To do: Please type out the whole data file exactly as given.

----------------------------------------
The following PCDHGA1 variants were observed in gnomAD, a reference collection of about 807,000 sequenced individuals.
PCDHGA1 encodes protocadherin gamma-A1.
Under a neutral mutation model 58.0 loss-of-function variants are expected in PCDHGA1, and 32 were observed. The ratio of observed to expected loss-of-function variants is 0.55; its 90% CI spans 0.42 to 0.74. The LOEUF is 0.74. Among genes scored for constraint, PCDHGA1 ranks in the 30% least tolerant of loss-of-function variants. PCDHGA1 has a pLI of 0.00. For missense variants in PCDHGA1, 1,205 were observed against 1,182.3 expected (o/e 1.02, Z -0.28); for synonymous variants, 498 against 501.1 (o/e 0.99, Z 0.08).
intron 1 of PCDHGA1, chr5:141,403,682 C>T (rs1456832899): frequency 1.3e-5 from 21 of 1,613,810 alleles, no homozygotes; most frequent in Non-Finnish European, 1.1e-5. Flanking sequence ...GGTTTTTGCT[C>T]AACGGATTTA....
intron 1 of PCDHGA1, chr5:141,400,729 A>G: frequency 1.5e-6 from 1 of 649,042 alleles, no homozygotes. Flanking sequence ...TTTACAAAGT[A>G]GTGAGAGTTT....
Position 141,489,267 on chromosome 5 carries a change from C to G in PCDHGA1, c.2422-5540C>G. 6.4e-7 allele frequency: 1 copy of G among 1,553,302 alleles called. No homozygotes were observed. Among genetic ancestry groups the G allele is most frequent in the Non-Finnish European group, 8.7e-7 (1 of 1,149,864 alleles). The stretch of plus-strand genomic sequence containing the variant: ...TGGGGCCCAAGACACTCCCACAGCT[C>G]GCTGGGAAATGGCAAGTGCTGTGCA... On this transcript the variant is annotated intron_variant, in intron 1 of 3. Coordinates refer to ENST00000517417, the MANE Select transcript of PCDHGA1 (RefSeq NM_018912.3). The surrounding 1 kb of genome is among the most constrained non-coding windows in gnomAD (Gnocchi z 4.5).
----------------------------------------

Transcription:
The following PCDHGA1 variants were observed in gnomAD, a reference collection of about 807,000 sequenced individuals.
PCDHGA1 encodes protocadherin gamma-A1.
Under a neutral mutation model 58.0 loss-of-function variants are expected in PCDHGA1, and 32 were observed. The ratio of observed to expected loss-of-function variants is 0.55; its 90% CI spans 0.42 to 0.74. The LOEUF is 0.74. Among genes scored for constraint, PCDHGA1 ranks in the 30% least tolerant of loss-of-function variants. PCDHGA1 has a pLI of 0.00. For missense variants in PCDHGA1, 1,205 were observed against 1,182.3 expected (o/e 1.02, Z -0.28); for synonymous variants, 498 against 501.1 (o/e 0.99, Z 0.08).
intron 1 of PCDHGA1, chr5:141,403,682 C>T (rs1456832899): frequency 1.3e-5 from 21 of 1,613,810 alleles, no homozygotes; most frequent in Non-Finnish European, 1.1e-5. Flanking sequence ...GGTTTTTGCT[C>T]AACGGATTTA....
intron 1 of PCDHGA1, chr5:141,400,729 A>G: frequency 1.5e-6 from 1 of 649,042 alleles, no homozygotes. Flanking sequence ...TTTACAAAGT[A>G]GTGAGAGTTT....
Position 141,489,267 on chromosome 5 carries a change from C to G in PCDHGA1, c.2422-5540C>G. 6.4e-7 allele frequency: 1 copy of G among 1,553,302 alleles called. No homozygotes were observed. Among genetic ancestry groups the G allele is most frequent in the Non-Finnish European group, 8.7e-7 (1 of 1,149,864 alleles). The stretch of plus-strand genomic sequence containing the variant: ...TGGGGCCCAAGACACTCCCACAGCT[C>G]GCTGGGAAATGGCAAGTGCTGTGCA... On this transcript the variant is annotated intron_variant, in intron 1 of 3. Coordinates refer to ENST00000517417, the MANE Select transcript of PCDHGA1 (RefSeq NM_018912.3). The surrounding 1 kb of genome is among the most constrained non-coding windows in gnomAD (Gnocchi z 4.5).